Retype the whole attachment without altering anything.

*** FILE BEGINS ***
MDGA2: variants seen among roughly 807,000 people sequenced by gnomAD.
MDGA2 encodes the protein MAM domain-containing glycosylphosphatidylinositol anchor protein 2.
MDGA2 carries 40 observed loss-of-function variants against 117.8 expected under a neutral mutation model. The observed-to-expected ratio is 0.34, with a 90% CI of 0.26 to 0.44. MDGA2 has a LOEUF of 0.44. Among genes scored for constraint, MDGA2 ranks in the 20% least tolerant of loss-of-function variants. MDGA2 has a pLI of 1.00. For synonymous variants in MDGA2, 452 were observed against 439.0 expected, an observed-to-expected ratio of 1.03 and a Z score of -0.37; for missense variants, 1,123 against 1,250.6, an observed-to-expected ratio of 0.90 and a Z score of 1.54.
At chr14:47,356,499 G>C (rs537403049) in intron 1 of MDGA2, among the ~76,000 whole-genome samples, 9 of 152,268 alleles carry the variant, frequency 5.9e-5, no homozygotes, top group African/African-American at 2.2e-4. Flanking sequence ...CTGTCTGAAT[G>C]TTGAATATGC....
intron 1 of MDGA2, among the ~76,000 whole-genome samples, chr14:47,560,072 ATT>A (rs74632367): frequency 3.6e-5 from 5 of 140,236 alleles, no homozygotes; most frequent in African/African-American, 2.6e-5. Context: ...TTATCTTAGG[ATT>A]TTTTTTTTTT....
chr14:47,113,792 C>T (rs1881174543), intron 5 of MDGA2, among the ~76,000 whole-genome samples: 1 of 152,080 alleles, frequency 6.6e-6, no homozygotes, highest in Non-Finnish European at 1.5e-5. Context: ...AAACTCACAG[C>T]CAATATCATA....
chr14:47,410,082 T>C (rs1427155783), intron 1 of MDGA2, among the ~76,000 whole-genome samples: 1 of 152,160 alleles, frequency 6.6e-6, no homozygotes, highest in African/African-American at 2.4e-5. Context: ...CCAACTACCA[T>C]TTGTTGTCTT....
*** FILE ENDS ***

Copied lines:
MDGA2: variants seen among roughly 807,000 people sequenced by gnomAD.
MDGA2 encodes the protein MAM domain-containing glycosylphosphatidylinositol anchor protein 2.
MDGA2 carries 40 observed loss-of-function variants against 117.8 expected under a neutral mutation model. The observed-to-expected ratio is 0.34, with a 90% CI of 0.26 to 0.44. MDGA2 has a LOEUF of 0.44. Among genes scored for constraint, MDGA2 ranks in the 20% least tolerant of loss-of-function variants. MDGA2 has a pLI of 1.00. For synonymous variants in MDGA2, 452 were observed against 439.0 expected, an observed-to-expected ratio of 1.03 and a Z score of -0.37; for missense variants, 1,123 against 1,250.6, an observed-to-expected ratio of 0.90 and a Z score of 1.54.
At chr14:47,356,499 G>C (rs537403049) in intron 1 of MDGA2, among the ~76,000 whole-genome samples, 9 of 152,268 alleles carry the variant, frequency 5.9e-5, no homozygotes, top group African/African-American at 2.2e-4. Flanking sequence ...CTGTCTGAAT[G>C]TTGAATATGC....
intron 1 of MDGA2, among the ~76,000 whole-genome samples, chr14:47,560,072 ATT>A (rs74632367): frequency 3.6e-5 from 5 of 140,236 alleles, no homozygotes; most frequent in African/African-American, 2.6e-5. Context: ...TTATCTTAGG[ATT>A]TTTTTTTTTT....
chr14:47,113,792 C>T (rs1881174543), intron 5 of MDGA2, among the ~76,000 whole-genome samples: 1 of 152,080 alleles, frequency 6.6e-6, no homozygotes, highest in Non-Finnish European at 1.5e-5. Context: ...AAACTCACAG[C>T]CAATATCATA....
chr14:47,410,082 T>C (rs1427155783), intron 1 of MDGA2, among the ~76,000 whole-genome samples: 1 of 152,160 alleles, frequency 6.6e-6, no homozygotes, highest in African/African-American at 2.4e-5. Context: ...CCAACTACCA[T>C]TTGTTGTCTT....